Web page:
Leading the Negotiations Out of the Deadlock:
Workable Tips From a Weathered Negotiator
It may happen so that even the best-planned and predictable negotiations run into a tight corner with the prospect of losing the deal. Sometimes it really means the end, and all you can do is close your folder with documents and shake hands with the other party as a goodbye. But frequently, such deadlocks are only temporary glitches on the path to success. A few strategic tricks may help you solve the puzzle and set the talks on the right track again.
Where to get these valuable skills and tricks? In some good training on negotiation skills, of course, under the guidance of experienced negotiators. They will help you see how these tricks unfold in real-life settings, what the hidden dangers are, and how you can apply them according to your personality and unique professional traits.
The Top Chart of Practical Tips to Use in the Stalemate Negotiations
1. Be flexible and focused on cooperation, not ‘killing’ the other party
Sometimes being extremely aggressive or ‘soft’ can help you get the deal, but the consequences may not be that pleasant. For aggressive negotiators, their first deal with the company is usually their last. For ‘soft’ negotiators, the outcome may be close to total failure, so the negotiations may not have happened at all. When you focus on cooperation and look for the signal of this readiness in the opposing party, you will work towards the common goal. The concluded deal will create the foundation for further expansion of collaboration.
2. Send a legal ‘spy’ into the company you plan to negotiate with
It is that easy: send a person as an applicant seeking to fill the vacancy at the target company. When HR offers the interviewee to ask questions, the list should be prepared in advance.
3. Do your own open-source and networking research
Google, ask questions, ask people who can be connected to people in that company. Your goal is not to steal secrets. On the contrary, your goal is to find out the company’s inner ‘pain spots’ and prepare your negotiation offers that will appease this pain.
4. Catch and use the ‘emotional wavelength’ of your opposing party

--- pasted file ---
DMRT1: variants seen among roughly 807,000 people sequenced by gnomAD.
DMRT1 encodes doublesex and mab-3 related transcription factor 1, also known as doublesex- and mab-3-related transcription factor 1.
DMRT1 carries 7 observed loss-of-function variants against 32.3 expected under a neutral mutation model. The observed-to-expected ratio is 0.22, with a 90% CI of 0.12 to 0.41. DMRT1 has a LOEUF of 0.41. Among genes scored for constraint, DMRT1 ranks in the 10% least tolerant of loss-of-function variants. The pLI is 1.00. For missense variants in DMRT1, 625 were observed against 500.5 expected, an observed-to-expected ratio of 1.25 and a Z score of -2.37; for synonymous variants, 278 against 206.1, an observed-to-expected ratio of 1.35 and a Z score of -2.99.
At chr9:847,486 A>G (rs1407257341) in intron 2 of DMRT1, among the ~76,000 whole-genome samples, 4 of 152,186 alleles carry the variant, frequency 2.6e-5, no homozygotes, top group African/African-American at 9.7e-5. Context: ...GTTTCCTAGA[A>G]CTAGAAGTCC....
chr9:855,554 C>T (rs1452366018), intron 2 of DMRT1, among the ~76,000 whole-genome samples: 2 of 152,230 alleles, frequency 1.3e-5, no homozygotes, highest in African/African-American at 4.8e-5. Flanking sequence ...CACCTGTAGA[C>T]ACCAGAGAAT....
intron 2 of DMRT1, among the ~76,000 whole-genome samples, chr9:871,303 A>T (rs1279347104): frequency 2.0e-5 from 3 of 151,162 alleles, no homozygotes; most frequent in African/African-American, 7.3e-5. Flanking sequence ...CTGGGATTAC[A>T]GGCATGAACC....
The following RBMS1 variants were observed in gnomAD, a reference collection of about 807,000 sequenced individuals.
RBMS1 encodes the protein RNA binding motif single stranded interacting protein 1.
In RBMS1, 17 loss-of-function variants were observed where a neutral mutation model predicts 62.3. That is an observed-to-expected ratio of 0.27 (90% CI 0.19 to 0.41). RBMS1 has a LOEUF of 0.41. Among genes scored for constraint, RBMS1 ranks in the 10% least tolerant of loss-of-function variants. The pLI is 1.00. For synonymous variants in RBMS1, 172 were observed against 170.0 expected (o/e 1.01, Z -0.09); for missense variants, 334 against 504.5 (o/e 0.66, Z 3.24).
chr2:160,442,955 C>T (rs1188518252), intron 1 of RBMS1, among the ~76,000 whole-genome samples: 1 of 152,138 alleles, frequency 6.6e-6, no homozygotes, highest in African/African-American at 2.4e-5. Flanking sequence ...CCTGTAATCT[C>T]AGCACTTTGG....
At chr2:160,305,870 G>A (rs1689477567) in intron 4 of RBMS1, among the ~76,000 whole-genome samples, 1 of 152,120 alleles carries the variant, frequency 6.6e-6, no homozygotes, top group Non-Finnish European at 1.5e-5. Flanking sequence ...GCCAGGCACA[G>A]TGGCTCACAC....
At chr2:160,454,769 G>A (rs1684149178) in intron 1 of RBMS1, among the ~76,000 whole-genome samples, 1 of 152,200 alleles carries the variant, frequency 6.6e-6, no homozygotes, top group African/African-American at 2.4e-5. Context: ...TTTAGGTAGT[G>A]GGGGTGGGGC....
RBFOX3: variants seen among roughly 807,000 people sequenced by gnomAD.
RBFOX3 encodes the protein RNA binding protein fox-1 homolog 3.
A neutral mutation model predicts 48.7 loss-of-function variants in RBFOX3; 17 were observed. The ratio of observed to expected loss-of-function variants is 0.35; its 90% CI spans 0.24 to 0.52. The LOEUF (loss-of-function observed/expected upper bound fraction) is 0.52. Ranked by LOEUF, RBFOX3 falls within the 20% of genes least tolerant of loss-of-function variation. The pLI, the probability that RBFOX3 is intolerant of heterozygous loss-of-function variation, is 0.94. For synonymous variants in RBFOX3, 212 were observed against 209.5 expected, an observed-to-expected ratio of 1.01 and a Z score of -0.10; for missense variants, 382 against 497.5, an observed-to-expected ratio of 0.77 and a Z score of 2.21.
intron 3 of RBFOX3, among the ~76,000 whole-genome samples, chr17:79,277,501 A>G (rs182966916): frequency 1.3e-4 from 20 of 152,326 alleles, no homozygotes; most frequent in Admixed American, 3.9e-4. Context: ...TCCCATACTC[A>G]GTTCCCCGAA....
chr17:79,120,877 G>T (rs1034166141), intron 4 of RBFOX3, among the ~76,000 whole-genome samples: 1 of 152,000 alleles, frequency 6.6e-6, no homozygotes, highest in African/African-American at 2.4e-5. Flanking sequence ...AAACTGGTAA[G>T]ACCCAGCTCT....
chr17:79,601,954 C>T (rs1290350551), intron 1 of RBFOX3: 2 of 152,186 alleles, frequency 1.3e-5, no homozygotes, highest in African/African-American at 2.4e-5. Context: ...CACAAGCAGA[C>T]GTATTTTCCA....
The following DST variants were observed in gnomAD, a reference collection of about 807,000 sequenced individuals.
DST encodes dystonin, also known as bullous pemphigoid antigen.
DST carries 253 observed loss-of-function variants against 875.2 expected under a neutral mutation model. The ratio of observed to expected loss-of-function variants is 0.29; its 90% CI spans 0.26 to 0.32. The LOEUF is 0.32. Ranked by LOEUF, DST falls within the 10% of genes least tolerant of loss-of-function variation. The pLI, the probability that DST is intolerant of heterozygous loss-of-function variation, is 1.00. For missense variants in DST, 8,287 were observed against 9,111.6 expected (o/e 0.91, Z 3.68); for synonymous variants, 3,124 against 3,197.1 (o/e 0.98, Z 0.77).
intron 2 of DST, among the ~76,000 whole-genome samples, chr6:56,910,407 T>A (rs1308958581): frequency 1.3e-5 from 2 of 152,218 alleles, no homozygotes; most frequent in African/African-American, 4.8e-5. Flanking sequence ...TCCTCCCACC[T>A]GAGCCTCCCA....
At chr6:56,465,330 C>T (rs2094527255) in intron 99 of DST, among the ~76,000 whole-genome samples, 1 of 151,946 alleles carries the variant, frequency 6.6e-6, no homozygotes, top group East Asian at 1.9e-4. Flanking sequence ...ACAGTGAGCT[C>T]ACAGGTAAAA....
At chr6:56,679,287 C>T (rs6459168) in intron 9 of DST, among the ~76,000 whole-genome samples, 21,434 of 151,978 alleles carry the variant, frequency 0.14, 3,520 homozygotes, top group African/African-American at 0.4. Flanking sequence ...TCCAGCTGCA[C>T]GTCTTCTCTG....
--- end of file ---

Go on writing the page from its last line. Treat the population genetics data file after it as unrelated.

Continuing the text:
It is closely linked to the previous one. During the talks, listen to the other party, pick the key points they put forward and focus on them in your presentation when these points match your assumed advantages. Like, if they worry about pricing and logistics, mention how you will facilitate the routing or shipping, etc. Do not focus on the prices (especially if they are high). Instead of stepping on the sore toe, help them cure it (at least partially).
5. Let your teammates have their say
Play ‘a bad cop and a good cop’, especially if you negotiate as a team. Let one of the team put forward the exaggerated condition or claim, and then mutually lower the stakes to the level acceptable for everyone.
6. No time for ghosts: avoid bringing up or discussing the competitors
Do not try to blacken the image of competitors, even when the other party tries to invoke them in the discussion. Say clearly that you cannot discuss policies or offers of others, but you can explain everything about your company, pricing, services, and warranties. Appeal to ethics and good practice. Otherwise, the opponents will blackmail you with the list of ‘competitors’ who do it cheaper or better.
7. Retreat and regroup when necessary
Take your time in decision-making. Besides, when the deal is stuck and one of the parties wants to exit, the other party may concede in order to save the deal. Do the careful timing and be the party that dictates the rules, not plays by them.
Good luck in your negotiations! We are sure that with proper training, you will score excellent contracts and will be viewed as a desired business partner worldwide!
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